|photo courtesy of freedigitalphotos.com|
Not long ago, a massive earthquake in the Pacific triggered a tsunami in the far east. Towering waves roared toward the Japanese coast destroying life and property.
Compelled by the plight, Americans along with other nations gathered funds and supplies and sent them to the victims. We followed the news stories longing to hear updates, many praying for those affected by the tragedy, their businesses, and families. Short term mission groups travelled to Kessennuma to help with the clean up and rebuilding.
Time has trickled by for those in Japan. Businesses and homes have slowly been rebuilt. Companies reconfigured their businesses to enable more of their people to successfully become employable. The effort has helped with the healing, but the people have not forgotten what the tsunami did to their city.
Kessennuma businesses set aside a portion of their profits to establish an emergency fund to help their people in the future.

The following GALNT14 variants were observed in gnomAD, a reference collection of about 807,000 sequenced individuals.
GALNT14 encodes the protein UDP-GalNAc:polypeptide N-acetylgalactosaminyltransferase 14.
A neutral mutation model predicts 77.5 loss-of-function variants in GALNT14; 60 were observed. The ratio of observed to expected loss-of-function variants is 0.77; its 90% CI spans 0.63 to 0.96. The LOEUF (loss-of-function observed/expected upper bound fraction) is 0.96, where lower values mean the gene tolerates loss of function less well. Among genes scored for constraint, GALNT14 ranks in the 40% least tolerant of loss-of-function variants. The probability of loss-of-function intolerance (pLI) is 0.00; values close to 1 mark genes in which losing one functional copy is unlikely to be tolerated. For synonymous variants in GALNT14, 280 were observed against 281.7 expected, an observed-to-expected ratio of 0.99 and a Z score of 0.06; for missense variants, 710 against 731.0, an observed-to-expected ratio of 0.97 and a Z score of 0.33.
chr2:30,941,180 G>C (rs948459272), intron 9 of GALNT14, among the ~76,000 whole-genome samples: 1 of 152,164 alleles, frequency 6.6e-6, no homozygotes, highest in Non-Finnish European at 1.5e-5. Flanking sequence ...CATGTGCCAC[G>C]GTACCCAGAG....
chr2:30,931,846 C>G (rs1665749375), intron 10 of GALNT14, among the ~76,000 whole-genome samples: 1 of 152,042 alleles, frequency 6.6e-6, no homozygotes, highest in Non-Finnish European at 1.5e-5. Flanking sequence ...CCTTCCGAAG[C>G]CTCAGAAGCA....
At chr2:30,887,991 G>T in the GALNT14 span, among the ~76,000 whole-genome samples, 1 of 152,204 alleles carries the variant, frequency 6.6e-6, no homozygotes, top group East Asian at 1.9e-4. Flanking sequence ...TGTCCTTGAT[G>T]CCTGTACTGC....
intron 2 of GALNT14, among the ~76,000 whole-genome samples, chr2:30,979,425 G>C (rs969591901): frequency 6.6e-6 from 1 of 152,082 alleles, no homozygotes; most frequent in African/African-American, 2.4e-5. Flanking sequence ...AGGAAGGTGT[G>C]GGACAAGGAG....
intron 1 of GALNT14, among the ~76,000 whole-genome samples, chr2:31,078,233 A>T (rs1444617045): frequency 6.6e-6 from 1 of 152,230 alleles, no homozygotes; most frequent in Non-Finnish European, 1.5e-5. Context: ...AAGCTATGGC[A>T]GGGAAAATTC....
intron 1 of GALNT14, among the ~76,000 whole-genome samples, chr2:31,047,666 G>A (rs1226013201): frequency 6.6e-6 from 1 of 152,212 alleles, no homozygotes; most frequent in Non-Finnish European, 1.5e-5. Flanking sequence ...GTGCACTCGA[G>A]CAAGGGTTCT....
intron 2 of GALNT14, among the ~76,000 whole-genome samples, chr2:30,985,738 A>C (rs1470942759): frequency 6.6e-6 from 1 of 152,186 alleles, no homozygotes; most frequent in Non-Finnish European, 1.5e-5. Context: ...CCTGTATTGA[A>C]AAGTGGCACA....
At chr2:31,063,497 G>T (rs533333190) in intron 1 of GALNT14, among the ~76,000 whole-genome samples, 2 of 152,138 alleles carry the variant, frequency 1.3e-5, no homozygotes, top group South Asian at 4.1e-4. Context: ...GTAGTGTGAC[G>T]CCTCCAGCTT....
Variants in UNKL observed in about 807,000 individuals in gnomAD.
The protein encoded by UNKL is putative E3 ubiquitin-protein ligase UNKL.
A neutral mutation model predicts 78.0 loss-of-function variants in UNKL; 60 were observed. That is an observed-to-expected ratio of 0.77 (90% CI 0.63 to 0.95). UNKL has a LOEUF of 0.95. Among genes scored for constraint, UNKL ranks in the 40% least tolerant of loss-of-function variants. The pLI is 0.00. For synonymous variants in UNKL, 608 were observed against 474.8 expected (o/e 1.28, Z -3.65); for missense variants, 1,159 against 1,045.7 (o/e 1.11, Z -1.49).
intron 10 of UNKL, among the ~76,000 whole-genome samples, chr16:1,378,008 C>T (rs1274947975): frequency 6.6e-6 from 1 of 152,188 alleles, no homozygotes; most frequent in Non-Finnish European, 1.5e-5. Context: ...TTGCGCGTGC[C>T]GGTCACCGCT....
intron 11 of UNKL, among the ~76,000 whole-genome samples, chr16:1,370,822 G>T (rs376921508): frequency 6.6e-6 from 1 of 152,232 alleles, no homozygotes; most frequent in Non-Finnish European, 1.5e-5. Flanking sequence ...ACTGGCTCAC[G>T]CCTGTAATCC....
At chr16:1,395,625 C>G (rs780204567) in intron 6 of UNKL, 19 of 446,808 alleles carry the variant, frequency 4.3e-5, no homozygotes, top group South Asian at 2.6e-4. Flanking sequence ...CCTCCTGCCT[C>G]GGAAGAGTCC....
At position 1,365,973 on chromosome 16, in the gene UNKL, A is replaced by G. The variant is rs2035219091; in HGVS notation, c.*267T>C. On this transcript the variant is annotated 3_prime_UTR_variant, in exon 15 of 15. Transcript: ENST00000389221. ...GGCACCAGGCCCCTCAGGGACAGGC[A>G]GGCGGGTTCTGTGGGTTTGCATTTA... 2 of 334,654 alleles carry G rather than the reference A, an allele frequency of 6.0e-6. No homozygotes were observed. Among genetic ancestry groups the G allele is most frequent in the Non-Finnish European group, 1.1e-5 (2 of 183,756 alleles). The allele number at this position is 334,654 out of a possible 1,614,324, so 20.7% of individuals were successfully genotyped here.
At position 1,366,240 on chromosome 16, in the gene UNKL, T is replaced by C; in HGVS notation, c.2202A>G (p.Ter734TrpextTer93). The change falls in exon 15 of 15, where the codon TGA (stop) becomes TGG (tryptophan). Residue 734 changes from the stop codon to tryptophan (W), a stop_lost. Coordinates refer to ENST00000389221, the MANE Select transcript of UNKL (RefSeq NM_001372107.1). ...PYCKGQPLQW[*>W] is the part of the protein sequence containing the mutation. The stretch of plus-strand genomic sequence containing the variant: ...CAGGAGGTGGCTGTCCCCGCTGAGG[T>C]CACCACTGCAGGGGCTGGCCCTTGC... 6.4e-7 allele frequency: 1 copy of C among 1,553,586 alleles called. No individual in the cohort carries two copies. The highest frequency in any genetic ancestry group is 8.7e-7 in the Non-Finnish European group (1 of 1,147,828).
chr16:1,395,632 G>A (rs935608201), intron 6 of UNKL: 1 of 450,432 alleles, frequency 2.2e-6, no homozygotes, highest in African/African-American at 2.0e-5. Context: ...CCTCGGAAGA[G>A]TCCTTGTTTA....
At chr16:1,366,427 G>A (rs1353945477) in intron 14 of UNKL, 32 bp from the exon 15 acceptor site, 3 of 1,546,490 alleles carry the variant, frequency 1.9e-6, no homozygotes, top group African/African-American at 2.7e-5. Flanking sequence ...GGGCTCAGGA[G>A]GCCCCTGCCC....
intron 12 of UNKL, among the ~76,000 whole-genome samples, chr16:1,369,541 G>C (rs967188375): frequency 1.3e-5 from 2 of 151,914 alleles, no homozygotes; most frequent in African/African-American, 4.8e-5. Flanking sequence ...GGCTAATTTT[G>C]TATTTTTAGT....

Last week, one Kessennuma business owner saw photos of the Moore, Oklahoma tornado disaster, the far west for her. She remembered the help given to her city during days of their great turmoil.
Without hesitation, she donated funds from the emergency account on behalf of the employees of her company to the victims of the Oklahoma tragedy.
As quoted by ABC News, she said, "We were so embarrassed the amount was so little," she said. "But we were able to live because of all the help [from Americans]. We decided we needed to give back, in a time of need."
Despite the great distance between Kessennuma, Japan and Moore, Oklahoma, kindness, care, and concern has been shared between west and east.
To read more of this news article go to this link: Tsunami Victims Pay Back By Helping Tornado Victims
There are many conclusions I could write here, but I don't think they are necessary. This act of kindness speaks loudly for itself.